The Surgical Walk

The key to treating a patient who has a walking problem is to observe their gait carefully and diagnose them accurately

“You’ve got a compression in your thoracic spine,” I proclaimed, as I saw 68-year-old Mr. Shaikh shuffle towards the door of my consulting room that I was holding ajar for him. He wore a white kurta and adorned a long stringy silvery beard to go with it. I usually refrain from making any diagnosis until I listen to a patient’s complete history and perform a detailed examination, but his short stiff steps that seemed a little out of his own control gave it away. His wife held one arm while I firmly gripped the other, as we gently helped him into his chair and allowed him to tell me why he was here.

‘I’ve been diagnosed with Parkinson’s,” Mr. Shaikh said. “I’ve been taking medication for a while but its only getting worse. I was feeling better than James Bond just a few years ago,” he lamented, remembering an earlier, healthier time. He appeared fidgety with his hands, which was probably assumed to be a tremor by his treating doctor. Patients with Parkinson’s have an extremely stoic looking face, often deadpan, and they blink very little, but he seemed pretty animated in expressing his difficulty in walking. “Do you wake up in the middle of the night and shout sometimes?” I asked; some patients with Parkinson’s have a sleep behavioural disorder. “She does that!” he jested, pointing to his wife. “That’s because he gets up and turns the light on every few hours to pass urine,” she said giving me another clue in the puzzle.

I examined him to find his upper limbs devoid of the usual rigidity that we expect in Parkinson’s, but his legs were stiff as logs. While he sat on the examining bed facing me, I tapped on his knees with a neurological hammer and his feet briskly sprung up in the air and back. If you are positioned directedly in front of a patient while doing this, you can injure vital parts of your anatomy, but with experience, you learn where to stand. However, as I remember reading somewhere, experience is something I’d like to have without going through all the trouble of getting it.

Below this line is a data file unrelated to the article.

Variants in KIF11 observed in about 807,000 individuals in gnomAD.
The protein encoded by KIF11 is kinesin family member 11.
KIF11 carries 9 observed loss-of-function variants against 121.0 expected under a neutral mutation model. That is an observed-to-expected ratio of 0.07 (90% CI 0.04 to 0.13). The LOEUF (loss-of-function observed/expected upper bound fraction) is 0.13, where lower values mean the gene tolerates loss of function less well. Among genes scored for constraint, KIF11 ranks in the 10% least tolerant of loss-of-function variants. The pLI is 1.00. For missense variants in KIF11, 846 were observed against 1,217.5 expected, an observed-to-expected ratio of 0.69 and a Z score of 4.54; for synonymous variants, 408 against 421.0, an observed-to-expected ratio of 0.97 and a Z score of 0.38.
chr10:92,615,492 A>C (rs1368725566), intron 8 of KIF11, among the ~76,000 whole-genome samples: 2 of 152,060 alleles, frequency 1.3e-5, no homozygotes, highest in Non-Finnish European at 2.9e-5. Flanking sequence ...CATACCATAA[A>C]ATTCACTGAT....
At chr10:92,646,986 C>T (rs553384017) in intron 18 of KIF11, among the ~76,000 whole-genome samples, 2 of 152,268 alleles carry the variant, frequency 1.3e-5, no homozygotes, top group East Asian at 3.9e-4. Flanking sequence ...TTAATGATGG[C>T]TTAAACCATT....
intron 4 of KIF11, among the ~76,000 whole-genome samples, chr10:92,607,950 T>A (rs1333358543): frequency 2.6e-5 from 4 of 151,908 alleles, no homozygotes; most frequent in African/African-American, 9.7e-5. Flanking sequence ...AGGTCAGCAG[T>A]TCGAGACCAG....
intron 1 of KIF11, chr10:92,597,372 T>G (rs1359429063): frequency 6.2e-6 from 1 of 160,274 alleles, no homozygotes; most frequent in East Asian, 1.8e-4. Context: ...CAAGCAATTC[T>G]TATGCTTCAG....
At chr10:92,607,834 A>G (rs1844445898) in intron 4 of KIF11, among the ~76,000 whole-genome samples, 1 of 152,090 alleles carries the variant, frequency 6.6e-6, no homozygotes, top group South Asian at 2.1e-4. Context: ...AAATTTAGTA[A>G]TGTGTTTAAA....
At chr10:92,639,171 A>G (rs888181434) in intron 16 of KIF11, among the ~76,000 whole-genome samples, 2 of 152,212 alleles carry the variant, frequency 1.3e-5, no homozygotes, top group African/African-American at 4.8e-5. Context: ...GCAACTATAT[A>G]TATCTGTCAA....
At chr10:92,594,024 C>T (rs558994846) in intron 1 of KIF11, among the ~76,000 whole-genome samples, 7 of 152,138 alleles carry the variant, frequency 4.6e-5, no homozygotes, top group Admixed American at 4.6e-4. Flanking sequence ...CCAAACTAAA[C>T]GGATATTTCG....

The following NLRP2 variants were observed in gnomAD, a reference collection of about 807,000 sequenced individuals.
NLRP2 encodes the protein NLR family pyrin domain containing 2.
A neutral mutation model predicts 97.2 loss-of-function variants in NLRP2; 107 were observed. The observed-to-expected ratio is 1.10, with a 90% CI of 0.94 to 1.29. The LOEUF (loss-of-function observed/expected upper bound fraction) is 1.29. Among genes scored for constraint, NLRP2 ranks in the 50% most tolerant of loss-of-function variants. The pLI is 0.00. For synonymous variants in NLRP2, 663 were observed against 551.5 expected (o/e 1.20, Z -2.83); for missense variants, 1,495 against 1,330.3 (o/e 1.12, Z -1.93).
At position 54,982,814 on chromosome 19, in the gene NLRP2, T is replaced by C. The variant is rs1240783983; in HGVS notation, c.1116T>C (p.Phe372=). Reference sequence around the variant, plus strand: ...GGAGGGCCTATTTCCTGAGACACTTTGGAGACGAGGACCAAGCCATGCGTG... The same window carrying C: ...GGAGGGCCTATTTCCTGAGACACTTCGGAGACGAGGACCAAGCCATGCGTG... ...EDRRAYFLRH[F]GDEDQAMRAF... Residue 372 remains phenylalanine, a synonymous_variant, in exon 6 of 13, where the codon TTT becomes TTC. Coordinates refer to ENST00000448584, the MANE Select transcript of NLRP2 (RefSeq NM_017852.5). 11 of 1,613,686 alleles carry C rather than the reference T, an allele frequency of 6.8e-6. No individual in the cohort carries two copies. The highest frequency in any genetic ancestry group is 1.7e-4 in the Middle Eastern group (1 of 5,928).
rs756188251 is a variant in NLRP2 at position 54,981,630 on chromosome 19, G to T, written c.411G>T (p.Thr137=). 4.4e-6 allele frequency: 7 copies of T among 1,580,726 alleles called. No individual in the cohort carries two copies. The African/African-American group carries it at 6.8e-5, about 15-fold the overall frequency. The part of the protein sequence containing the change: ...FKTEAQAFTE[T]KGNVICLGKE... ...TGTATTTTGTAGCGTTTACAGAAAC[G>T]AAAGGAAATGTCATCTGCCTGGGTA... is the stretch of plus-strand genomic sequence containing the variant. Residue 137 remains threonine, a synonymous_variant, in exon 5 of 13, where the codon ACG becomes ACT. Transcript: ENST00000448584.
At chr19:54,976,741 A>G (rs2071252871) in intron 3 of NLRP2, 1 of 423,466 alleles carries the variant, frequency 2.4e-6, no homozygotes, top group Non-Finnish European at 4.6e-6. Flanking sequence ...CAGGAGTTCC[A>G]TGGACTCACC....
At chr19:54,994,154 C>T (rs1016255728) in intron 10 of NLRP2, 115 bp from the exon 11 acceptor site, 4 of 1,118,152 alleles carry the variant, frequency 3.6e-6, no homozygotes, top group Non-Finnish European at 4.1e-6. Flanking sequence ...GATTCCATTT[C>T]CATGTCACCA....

“Sometimes, progressive degenerative conditions of the brain and spine have several mimics,” I finally asserted, and to confirm my suspicion, continued with, “It would be best to get an MRI of the spine.”

He returned within a few weeks, this time taking a little longer to position himself than he did the last time he was here.“You’re right, doctor, the report does mention severe compression,” he said, while his wife handed over the MRI films to me. I slid the scan into the groove of the light box and showed them where the ligament over the fourth and fifth thoracic vertebrae had thickened, thinning the spinal cord considerably. This MRI visual is one that most patients seem to intuitively understand, instantly relating it to being responsible for their symptoms. “This will need an operation, Mr. Shaikh. We’ll position you on your belly, make an incision over the upper part of your back, drill off the bone, and bite off the thickened ligament, giving the spinal cord its rightful space. Over the next few months, your gait will improve dramatically,” I said confidently. “Will I go back to being James Bond?” he wondered aloud. “Shaikhen but not stirred,” I punned, but he didn’t smile. I’ll admit it wasn’t a very good joke.

We operated on him a few days later. We cut down from skin to bone, cleanly dissecting the muscle off it. I then drilled a trough on either side of the bone and lifted the back of the vertebra in a single piece. We nibbled all over the thickened ligament as the compressed covering of the spinal cord finally came to the surface, one bite at a time, assuming its normal rounded position, free and breathing easy. “I already feel less tight in my legs,” he muttered in his partly conscious state, as we wheeled him out of the operating room. A few months later, when he came in to see me, he looked several years younger. His walk was swift and smooth, with perfect cadence and in complete control. “Do you feel like James Bond now,” I asked, after seeing him so relieved and happy. “I just bought an Aston Martin!” he quipped.